Ro Chair designed by Jamie Hayon

Jamie Hayon Ro Chair

Ro is the result of a close, two-year relationship between the Republic of Fritz Hansen and Jamie Hayon. Fritz Hansen intended the design brief for Jamie Hayon to build a comfortable seat for one person. Jaime Hayon drew a series of sketches with this in mind, which formed the start of the shape, voice and subsequent modelling work of the armchair. It was necessary right from the outset that the chair should provide space within the room. It gives you the option to escape and immerse yourself while you can choose to stay part of the world.

Ro Chair by Jamie Hayon

As an interface between digital models and actual 1:1 styrofoam models, the modelling work was carried out. The physical models were created and digitalized by hand. Thus the digital files formed the basis for the millings, which were minutely made by hand, and the final Ro shape was born after multiple repeats.

The pressure-cast aluminium legs and the transition to the shell followed the same process to create an elegant and natural unit that ensures that from all angles, Ro is beautiful and elegant. To make the chair more colourful and tactile, a mixture of different textiles were also used in addition to the shell’s form – one for the shell and one for the cushions.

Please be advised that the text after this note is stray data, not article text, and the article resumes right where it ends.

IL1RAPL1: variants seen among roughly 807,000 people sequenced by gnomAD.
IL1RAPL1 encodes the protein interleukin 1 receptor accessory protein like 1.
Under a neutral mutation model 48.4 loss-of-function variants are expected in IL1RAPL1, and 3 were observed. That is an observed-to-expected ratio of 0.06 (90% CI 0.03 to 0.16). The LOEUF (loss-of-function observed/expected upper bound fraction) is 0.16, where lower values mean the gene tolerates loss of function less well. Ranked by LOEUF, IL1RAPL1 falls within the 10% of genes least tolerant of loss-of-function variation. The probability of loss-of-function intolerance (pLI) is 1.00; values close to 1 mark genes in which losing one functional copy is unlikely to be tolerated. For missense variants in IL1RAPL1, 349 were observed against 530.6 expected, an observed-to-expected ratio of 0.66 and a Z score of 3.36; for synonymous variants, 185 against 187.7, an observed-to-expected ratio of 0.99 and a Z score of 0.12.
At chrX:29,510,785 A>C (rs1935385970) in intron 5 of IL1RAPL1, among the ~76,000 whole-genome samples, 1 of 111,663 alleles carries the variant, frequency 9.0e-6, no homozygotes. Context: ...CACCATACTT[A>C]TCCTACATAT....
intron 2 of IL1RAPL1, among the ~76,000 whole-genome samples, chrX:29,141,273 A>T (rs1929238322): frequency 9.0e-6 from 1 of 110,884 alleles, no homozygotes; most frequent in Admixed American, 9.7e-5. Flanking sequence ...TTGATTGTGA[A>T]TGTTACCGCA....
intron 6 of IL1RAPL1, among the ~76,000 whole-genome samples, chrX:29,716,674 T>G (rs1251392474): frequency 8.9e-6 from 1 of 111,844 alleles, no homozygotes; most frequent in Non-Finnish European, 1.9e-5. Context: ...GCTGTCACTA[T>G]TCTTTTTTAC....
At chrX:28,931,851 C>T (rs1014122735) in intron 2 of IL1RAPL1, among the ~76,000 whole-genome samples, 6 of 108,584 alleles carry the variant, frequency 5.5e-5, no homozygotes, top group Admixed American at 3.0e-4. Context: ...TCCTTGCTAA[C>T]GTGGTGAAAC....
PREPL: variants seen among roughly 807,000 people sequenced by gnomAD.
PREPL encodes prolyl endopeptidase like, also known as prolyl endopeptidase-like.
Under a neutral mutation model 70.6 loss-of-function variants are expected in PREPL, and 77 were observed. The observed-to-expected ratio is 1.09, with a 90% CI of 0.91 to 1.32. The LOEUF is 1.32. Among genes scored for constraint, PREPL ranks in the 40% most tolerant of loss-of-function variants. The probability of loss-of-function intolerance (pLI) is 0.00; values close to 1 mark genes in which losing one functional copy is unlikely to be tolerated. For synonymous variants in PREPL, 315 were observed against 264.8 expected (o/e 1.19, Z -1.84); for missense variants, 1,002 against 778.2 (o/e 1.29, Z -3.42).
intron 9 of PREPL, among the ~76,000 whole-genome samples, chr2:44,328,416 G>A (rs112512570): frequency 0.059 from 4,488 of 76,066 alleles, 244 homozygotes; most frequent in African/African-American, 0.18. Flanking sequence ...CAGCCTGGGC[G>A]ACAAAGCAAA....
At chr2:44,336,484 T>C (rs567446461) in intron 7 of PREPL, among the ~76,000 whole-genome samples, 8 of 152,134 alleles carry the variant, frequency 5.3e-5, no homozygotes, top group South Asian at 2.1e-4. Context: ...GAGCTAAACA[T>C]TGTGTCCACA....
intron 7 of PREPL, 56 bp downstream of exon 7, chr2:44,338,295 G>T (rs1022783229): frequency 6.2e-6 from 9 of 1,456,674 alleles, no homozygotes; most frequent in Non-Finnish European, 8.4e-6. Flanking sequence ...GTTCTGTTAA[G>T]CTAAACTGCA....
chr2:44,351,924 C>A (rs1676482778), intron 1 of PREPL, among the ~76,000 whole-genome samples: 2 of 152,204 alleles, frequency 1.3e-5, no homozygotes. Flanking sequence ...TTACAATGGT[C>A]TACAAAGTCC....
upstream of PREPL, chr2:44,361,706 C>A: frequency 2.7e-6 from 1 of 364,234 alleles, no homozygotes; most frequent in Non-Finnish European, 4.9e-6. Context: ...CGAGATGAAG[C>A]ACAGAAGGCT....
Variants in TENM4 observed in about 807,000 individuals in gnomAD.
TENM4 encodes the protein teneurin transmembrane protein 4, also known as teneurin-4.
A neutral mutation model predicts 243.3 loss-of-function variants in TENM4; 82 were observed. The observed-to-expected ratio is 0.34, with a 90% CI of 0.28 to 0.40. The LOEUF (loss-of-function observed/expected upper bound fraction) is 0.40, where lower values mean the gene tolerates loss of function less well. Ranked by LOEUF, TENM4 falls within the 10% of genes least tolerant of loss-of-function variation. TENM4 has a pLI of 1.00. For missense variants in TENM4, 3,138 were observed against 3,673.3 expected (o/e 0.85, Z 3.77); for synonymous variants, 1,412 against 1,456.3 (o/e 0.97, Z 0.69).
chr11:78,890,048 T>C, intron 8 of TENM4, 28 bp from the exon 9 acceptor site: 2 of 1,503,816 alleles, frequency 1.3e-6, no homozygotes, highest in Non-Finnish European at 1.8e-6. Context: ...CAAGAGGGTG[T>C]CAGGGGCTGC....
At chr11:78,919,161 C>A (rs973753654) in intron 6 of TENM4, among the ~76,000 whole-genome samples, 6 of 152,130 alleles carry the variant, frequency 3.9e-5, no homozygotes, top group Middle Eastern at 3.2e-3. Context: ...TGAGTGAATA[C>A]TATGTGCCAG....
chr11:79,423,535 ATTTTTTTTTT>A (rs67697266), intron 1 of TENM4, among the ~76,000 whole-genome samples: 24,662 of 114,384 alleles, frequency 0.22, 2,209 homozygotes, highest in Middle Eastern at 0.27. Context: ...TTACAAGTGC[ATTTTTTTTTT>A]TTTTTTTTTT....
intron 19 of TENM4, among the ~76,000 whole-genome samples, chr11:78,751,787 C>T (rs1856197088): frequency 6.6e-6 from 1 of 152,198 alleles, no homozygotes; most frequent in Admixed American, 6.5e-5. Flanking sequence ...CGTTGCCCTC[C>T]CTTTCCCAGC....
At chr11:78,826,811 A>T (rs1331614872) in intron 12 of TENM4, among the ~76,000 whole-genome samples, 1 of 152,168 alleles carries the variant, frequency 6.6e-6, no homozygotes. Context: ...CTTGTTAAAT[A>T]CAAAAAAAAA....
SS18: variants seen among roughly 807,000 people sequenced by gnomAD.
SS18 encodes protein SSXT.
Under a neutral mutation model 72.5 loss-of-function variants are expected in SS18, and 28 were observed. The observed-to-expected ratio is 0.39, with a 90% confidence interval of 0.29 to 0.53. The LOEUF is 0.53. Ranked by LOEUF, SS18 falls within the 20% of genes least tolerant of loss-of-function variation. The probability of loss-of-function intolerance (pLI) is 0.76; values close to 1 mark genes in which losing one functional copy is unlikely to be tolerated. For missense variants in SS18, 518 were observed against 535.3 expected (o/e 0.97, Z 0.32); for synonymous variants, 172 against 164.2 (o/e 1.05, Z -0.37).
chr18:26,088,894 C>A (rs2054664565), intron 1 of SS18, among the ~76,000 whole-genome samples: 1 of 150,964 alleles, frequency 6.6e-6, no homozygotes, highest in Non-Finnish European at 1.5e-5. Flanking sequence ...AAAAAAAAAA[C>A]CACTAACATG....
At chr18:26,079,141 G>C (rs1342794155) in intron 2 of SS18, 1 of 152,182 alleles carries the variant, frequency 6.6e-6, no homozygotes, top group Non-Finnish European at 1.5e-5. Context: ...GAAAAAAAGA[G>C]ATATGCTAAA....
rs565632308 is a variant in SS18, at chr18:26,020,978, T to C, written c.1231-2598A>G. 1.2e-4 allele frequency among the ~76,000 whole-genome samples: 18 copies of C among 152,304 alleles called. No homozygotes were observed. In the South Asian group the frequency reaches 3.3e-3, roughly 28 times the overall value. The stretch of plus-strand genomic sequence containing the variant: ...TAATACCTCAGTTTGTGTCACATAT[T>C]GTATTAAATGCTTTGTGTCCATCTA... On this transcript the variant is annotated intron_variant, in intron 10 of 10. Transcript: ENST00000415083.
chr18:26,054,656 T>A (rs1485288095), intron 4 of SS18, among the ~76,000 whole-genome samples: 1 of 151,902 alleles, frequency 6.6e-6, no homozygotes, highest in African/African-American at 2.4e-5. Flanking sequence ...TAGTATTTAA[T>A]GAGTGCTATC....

The material is sewn like a dress with just one seam, which precisely follows the edge of the chair. It is turned inside out and put on once the dress has been sewn. It is glued onto the shell millimetre by millimetre. Where the body of the chair is narrow, there is excess material, and the material is extended where the chair is wide. It puts enormous demands on both the product and the upholsterer. It has tested the materials and craftsmanship to the extreme.

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Jamie Hayon Spanish artist and designer

Jaime Hayon, a Spanish artist and designer, was born in Madrid in 1974. In the ‘Mediterranean Digital Baroque’ and ‘Mon Cirque’ installations, he first totally revealed his artistic vision. In the sense of contemporary design culture, these collections placed Jaime at the forefront of a new wave that blurred the lines between art, dĂ©cor and design, also adding a revival of fine-crafted, intricate artefacts.

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